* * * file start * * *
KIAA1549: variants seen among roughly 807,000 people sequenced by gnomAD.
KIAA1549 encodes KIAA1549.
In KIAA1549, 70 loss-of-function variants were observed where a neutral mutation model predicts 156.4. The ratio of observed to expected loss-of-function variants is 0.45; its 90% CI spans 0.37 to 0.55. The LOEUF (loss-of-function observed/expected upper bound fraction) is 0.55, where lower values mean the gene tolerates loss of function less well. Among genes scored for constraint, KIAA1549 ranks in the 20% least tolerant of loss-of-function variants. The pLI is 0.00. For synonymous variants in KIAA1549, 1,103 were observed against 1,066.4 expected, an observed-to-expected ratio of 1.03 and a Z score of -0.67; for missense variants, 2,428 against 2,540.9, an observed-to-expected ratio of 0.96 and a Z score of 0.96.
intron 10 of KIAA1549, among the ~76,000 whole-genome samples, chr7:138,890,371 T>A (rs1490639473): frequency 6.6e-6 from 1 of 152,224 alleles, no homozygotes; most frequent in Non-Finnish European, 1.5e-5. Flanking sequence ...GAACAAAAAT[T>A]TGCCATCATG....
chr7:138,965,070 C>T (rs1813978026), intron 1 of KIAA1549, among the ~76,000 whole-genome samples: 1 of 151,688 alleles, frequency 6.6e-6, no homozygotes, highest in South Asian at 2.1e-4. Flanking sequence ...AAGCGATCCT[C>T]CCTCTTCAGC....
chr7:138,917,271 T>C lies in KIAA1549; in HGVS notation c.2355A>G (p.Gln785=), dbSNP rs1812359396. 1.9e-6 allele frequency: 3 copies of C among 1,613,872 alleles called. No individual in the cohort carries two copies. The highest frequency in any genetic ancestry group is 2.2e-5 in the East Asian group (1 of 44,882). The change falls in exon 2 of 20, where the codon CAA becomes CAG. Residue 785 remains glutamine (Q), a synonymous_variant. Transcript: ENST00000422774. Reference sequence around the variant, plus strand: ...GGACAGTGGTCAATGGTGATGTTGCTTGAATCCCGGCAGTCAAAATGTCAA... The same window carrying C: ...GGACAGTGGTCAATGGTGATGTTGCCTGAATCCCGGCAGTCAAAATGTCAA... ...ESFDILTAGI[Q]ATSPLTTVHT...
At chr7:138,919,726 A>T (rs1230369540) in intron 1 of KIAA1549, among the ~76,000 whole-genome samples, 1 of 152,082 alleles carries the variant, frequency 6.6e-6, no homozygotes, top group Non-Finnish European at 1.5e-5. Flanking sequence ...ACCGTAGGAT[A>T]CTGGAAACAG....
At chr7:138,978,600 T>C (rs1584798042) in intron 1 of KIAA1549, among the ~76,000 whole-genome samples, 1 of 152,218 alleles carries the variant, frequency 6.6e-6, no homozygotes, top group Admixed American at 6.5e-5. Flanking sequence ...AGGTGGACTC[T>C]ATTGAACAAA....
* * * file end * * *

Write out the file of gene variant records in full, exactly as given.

KIAA1549: variants seen among roughly 807,000 people sequenced by gnomAD.
KIAA1549 encodes KIAA1549.
In KIAA1549, 70 loss-of-function variants were observed where a neutral mutation model predicts 156.4. The ratio of observed to expected loss-of-function variants is 0.45; its 90% CI spans 0.37 to 0.55. The LOEUF (loss-of-function observed/expected upper bound fraction) is 0.55, where lower values mean the gene tolerates loss of function less well. Among genes scored for constraint, KIAA1549 ranks in the 20% least tolerant of loss-of-function variants. The pLI is 0.00. For synonymous variants in KIAA1549, 1,103 were observed against 1,066.4 expected, an observed-to-expected ratio of 1.03 and a Z score of -0.67; for missense variants, 2,428 against 2,540.9, an observed-to-expected ratio of 0.96 and a Z score of 0.96.
intron 10 of KIAA1549, among the ~76,000 whole-genome samples, chr7:138,890,371 T>A (rs1490639473): frequency 6.6e-6 from 1 of 152,224 alleles, no homozygotes; most frequent in Non-Finnish European, 1.5e-5. Flanking sequence ...GAACAAAAAT[T>A]TGCCATCATG....
chr7:138,965,070 C>T (rs1813978026), intron 1 of KIAA1549, among the ~76,000 whole-genome samples: 1 of 151,688 alleles, frequency 6.6e-6, no homozygotes, highest in South Asian at 2.1e-4. Flanking sequence ...AAGCGATCCT[C>T]CCTCTTCAGC....
chr7:138,917,271 T>C lies in KIAA1549; in HGVS notation c.2355A>G (p.Gln785=), dbSNP rs1812359396. 1.9e-6 allele frequency: 3 copies of C among 1,613,872 alleles called. No individual in the cohort carries two copies. The highest frequency in any genetic ancestry group is 2.2e-5 in the East Asian group (1 of 44,882). The change falls in exon 2 of 20, where the codon CAA becomes CAG. Residue 785 remains glutamine (Q), a synonymous_variant. Transcript: ENST00000422774. Reference sequence around the variant, plus strand: ...GGACAGTGGTCAATGGTGATGTTGCTTGAATCCCGGCAGTCAAAATGTCAA... The same window carrying C: ...GGACAGTGGTCAATGGTGATGTTGCCTGAATCCCGGCAGTCAAAATGTCAA... ...ESFDILTAGI[Q]ATSPLTTVHT...
At chr7:138,919,726 A>T (rs1230369540) in intron 1 of KIAA1549, among the ~76,000 whole-genome samples, 1 of 152,082 alleles carries the variant, frequency 6.6e-6, no homozygotes, top group Non-Finnish European at 1.5e-5. Flanking sequence ...ACCGTAGGAT[A>T]CTGGAAACAG....
At chr7:138,978,600 T>C (rs1584798042) in intron 1 of KIAA1549, among the ~76,000 whole-genome samples, 1 of 152,218 alleles carries the variant, frequency 6.6e-6, no homozygotes, top group Admixed American at 6.5e-5. Flanking sequence ...AGGTGGACTC[T>C]ATTGAACAAA....